Ludovica Cesareo is a Post-Doctoral Research Fellow in Marketing. Her research examines the psychological underpinnings of moral and ethical decision-making in regards to different contexts and product categories. Her main stream of research explores the emotional and cognitive implications of consumer purchases in morally dubious situations, mainly in relation to counterfeit and pirated goods. Ludovica has also studied companies’ strategies and solutions against counterfeiting and piracy worldwide by collaborating with some of the world’s most renowned luxury brands, from Louis Vuitton to Salvatore Ferragamo, from Gucci to Prada. She is also researching the impact of fashion knowledge and counterfeits on original luxury brands; the unexpected antecedents and consequences of awe; and, the interplay of moral identity and moral hypocrisy. Ludovica has also studied electronic word-of-mouth (WOM) transmissions and destination marketing.
Ludovica obtained her Ph.D. in Business Management, Marketing track, from the Management Department of the Faculty of Economics at Sapienza, University of Rome [Dissertation: “Exploring the counterfeiting and piracy phenomena through insights into demand and offer”]. During the final year of the program she was a visiting scholar at Villanova School of Business, Villanova University, PA (USA).
Cesareo, L. (2016). Counterfeiting and piracy. A comprehensive literature review. Springer Briefs in Business. Springer. ISBN: 978-3-319-25356-5. DOI: 10.1007/978-3-319-25357-2. (http://www.springer.com/us/book/9783319253565)
Giraldi, A. & Cesareo, L. (2016). Film marketing opportunities for the well-known tourist destination: An exploratory analysis on the city of Rome. Place Branding and Public Diplomacy Special Issue: “The Great Beauty. The role of cultural heritage and place identity in the international marketing strategies of the ‘Made in Italy’”. ISSN: 1751-8040.
Pastore, A., Cesaroni, F. & Cesareo, L. (2016). Counterfeiting and Culture: Consumer Attitudes towards Counterfeit Products. Journal of Marketing Trends, 3(1), 29-36. ISSN: 2114-8910.
Cesareo, L. & Stöttinger, B. (2015). United we stand, divided we fall: how firms can engage consumers in their fight against counterfeits. Business Horizons, 58(5), 527-537. DOI: doi:10.1016/j.bushor.2015.05.007 (http://dx.doi.org/10.1016/j.bushor.2015.05.007).
Shaanan–Satchi, R., Hornik, J., Cesareo, L., & Pastore A. (2015). Information dissemination via electronic word-of-mouth: Good news travels fast, bad news travels faster! Computers in Human Behavior, 45, 273-280. ISSN: 0747-5632. DOI: 10.1016/j.chb.2014.11.008.
Cesareo, L., Pastore, A. & Ugolini, G. (2015). Pirate or Subscriber? An exploratory study on Italian consumers’ music habits. Sinergie Journal of Management, 96(33), 155-173.
Cesareo, L., & Pastore, A. (2014). Consumers’ attitude and behavior towards online music piracy and subscription-based services. Journal of Consumer Marketing, 31(6/7), 515-525. DOI: 10.118/JCM-07-2014-1070.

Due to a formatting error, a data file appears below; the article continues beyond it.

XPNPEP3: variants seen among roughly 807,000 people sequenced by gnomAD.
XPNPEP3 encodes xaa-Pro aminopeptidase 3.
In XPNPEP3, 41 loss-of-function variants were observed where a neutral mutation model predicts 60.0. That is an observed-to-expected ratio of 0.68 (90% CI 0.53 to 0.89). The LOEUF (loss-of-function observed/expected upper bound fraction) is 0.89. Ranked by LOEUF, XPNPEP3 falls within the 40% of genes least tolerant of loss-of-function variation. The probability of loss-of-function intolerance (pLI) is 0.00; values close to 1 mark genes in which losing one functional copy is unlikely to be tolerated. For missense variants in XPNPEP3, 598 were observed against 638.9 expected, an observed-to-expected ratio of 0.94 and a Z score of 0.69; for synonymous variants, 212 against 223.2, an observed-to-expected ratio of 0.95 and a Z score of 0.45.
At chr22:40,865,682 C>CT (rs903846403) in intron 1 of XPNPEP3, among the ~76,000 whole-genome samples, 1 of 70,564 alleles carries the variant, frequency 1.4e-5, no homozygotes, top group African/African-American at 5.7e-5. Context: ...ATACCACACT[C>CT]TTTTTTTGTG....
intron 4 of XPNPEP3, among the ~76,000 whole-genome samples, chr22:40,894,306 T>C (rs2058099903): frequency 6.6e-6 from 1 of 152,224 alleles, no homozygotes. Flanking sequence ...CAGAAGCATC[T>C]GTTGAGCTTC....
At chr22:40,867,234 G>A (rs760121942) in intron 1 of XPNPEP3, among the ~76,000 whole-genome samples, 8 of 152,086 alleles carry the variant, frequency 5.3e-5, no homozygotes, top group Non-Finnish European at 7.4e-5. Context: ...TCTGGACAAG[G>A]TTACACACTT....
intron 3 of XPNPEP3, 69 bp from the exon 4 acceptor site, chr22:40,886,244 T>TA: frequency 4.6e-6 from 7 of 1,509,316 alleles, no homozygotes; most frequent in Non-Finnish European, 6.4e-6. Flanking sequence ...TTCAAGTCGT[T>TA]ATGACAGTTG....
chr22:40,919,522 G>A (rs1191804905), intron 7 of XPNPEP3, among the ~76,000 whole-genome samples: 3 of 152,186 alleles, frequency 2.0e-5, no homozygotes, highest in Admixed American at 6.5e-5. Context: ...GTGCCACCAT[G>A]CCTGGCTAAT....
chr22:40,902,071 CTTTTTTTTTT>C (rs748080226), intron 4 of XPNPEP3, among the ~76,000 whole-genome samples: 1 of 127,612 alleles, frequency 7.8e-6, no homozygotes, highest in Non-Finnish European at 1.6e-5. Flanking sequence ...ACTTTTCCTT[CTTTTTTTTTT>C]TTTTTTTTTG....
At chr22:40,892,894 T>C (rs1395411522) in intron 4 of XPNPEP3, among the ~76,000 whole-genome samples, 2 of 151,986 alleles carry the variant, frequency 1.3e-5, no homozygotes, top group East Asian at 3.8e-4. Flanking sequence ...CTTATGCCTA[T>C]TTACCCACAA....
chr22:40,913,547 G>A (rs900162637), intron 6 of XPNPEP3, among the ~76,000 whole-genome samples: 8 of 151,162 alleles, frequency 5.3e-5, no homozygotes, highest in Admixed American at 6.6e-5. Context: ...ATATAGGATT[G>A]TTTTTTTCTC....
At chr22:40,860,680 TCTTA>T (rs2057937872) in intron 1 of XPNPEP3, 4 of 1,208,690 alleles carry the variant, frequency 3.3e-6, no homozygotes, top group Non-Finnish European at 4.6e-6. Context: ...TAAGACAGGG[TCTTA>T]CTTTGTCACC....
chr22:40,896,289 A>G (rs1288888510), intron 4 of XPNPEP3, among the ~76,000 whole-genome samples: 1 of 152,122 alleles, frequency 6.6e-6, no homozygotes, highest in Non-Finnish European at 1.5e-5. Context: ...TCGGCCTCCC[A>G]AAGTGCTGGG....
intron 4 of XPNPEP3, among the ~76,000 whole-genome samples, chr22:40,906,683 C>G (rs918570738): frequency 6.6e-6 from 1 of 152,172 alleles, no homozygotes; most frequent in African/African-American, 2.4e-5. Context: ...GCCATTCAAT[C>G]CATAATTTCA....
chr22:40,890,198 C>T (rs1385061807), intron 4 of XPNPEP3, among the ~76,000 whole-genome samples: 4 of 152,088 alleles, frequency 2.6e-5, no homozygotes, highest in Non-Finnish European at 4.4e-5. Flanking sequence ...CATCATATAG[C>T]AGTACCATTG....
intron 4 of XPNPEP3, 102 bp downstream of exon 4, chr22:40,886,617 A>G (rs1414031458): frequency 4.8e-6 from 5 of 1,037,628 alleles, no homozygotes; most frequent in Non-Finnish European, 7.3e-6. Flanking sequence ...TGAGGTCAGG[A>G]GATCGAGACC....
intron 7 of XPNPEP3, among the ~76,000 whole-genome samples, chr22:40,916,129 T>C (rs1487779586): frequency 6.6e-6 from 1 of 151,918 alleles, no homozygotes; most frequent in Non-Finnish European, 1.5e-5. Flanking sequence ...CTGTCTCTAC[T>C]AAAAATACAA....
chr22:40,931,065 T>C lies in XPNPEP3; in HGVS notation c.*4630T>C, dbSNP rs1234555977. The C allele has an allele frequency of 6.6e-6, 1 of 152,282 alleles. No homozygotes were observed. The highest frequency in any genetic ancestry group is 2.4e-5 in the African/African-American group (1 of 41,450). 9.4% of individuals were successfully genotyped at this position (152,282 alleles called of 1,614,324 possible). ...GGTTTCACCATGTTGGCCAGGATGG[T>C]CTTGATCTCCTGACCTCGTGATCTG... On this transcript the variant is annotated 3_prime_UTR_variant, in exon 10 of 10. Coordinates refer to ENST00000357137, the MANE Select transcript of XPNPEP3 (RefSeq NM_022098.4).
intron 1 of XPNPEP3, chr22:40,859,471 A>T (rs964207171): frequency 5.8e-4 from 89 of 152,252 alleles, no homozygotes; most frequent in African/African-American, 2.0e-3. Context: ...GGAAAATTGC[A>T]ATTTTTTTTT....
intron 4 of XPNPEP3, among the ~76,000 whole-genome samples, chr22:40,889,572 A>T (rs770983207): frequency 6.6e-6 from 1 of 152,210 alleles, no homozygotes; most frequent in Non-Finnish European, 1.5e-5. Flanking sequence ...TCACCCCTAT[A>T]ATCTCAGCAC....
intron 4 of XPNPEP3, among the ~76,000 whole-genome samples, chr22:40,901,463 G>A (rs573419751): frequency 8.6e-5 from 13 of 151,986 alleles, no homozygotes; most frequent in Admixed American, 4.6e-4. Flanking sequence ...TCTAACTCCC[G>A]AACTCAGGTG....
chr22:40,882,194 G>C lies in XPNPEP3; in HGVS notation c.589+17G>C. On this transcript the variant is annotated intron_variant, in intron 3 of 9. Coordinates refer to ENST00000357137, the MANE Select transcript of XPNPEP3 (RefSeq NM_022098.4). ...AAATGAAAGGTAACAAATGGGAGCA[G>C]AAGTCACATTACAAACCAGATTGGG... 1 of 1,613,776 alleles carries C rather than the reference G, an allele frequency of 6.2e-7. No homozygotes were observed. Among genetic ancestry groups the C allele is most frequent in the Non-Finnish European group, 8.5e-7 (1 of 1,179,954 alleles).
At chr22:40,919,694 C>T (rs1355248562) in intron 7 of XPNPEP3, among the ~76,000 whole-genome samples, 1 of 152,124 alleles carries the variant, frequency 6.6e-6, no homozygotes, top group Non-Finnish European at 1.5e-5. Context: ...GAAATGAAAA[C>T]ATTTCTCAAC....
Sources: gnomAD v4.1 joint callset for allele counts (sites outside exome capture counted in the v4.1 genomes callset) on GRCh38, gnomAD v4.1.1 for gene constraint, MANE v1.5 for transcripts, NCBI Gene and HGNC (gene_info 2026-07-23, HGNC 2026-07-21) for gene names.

Chaudhry, P.E., Cesareo, L. & Stumpf, S.A. (2014). What influences rampant movie piracy? Journal of Management Systems, 24(4), 73-95. ISSN: 1041-2808.
Cesareo, L. & Pastore, A. (2014). Acting on luxury counterfeiting, in Reinecke, S., Berghaus, B. & Mueller-Stewens, G. The Management of Luxury. 341-359. Kogan Page USA. ISBN: 978-07-494-7166-8.
Pastore, A. & Cesareo, L. (2014). No al falso! Un’indagine esplorativa sulle strategie anti-contraffazione delle fashion firms. Mercati & Competitività, 2, 81-102. DOI: 10.3280/MC2014-002005. ISSN: 1826-7386.
Giraldi, A. & Cesareo, L. (2014). Destination image differences between first time visitors and repeat visitors: an exploratory study on the city of Rome. Tourism and Hospitality Research, 14(4), 197-205. DOI: 10.1177/1467358414543971. ISSN: 1467-3584.
MKTG724 – Advertising Management
Description: The purpose of this course is to provide students with an opportunity to learn and apply the major frameworks, theories, current research findings, principles and practices of effective advertising management as part of an Integrated Marketing Communications (IMC) program. By the end of this course, students should not only be familiar with a large body of advertising knowledge, but should also be able to apply this information to create and evaluate effective advertising strategies and tactics. The emphasis will be on: 1) understanding the psychology of customer motivation and persuasion; 2) crafting effective and creative messages; 3) making efficient selections and use of media; and 4) understanding metrics, all within the broader Integrated Marketing Communications perspective. The course will incorporate presentations of key concepts and frameworks, in-class exercises and analysis of advertisements, case discussions, and guest lectures by marketing professionals. Throughout the term, students will work in groups to develop a marketing communications campaign.
MKTG101 (Teaching assistant)